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Structure, diversity and utilization of plant species in tribal homegardens of Kerala, India

George, M. Veena, Christopher, G.
Agroforestry systems 2020 v.94 no.1 pp. 297-307
agroforestry, biodiversity conservation, canopy, economic plants, food security, home gardens, indigenous knowledge, livelihood, rain, India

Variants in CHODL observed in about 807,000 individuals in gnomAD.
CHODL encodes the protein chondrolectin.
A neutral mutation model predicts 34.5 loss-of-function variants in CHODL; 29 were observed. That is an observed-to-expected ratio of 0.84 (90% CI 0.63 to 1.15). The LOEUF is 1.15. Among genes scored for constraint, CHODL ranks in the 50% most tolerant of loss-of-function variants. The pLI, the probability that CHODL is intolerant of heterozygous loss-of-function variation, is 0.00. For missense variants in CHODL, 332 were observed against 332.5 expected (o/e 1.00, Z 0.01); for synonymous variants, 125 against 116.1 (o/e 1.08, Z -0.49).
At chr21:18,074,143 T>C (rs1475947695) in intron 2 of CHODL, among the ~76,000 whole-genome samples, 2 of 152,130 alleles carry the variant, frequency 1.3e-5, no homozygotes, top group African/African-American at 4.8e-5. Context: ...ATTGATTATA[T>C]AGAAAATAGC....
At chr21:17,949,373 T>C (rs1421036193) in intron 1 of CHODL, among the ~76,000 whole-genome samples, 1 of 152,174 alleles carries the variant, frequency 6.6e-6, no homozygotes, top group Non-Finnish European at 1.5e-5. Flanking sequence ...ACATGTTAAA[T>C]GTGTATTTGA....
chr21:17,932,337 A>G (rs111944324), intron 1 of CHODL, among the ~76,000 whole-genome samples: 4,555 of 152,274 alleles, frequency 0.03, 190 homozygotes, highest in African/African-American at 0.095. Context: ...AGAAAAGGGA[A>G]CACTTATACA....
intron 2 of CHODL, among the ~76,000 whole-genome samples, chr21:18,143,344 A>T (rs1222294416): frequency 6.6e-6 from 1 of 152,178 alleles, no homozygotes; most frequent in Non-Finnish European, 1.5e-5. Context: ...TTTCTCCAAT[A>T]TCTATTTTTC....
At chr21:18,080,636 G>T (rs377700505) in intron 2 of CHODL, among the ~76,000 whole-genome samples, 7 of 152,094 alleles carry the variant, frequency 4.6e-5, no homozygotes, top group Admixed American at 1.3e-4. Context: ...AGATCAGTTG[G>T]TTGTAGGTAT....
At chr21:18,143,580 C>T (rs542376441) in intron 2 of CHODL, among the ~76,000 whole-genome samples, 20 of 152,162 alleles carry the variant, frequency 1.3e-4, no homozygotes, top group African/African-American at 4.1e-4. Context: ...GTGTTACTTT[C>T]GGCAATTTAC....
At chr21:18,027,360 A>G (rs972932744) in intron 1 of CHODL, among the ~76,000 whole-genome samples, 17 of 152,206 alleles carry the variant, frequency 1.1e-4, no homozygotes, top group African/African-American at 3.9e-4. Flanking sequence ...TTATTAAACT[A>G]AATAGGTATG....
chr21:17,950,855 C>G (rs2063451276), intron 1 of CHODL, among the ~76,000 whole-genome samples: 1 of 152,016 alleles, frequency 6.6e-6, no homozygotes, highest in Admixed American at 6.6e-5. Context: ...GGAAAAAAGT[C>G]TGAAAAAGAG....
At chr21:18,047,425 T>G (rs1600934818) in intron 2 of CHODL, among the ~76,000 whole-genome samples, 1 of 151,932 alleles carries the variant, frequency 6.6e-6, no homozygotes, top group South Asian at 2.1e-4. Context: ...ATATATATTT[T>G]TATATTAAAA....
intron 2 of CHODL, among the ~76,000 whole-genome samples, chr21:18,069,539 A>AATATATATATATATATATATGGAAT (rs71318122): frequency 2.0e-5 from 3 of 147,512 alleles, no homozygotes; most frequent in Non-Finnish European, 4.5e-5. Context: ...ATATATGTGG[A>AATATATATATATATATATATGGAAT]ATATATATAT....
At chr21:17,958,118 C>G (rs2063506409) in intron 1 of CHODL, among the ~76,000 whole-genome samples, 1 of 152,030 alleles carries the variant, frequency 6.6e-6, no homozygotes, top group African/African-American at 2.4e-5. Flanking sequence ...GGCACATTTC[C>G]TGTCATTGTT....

Homegardens in traditional agroforestry systems are considered as sustainable production system with multiple functions. Indigenous knowledge of tribal communities associated with their homegardens always contributes in food security and biodiversity conservation. The present study aims at understanding the structural and floristic diversity of the homegardens, and utilization of plant species by the tribal communities in the Attappady valley of Kerala, India. Overall 104 homegardens were sampled randomly for assessing the diversity and the usage of various plant species. Data on indigenous knowledge was collected from tribal owners. Structurally, two types of homegardens were identified from the study area, which characterized by two and four layered vertical canopy strata. A total of 182 plant species belonging to 160 genera and 67 families were recorded from the sample homegardens. Comparing the diversity and distribution of plant species among the three communities, highest was found in the homegardens of Mudugas who are inhabiting the high and medium rainfall zones (Shannon diversity index 2.18) and observed its lowest value in the low rainfall zone where Irula communities live (Shannon diversity index 1.45). The homegardens of the study area has rich diversity and home for many useful plants. Considering the usage, 39% were edible, 24% were ornamental and 25% were medicinal. Hence the study indicates that the tribal homegardens are contributing considerably to food security and livelihoods of tribal communities in the Attappady valley.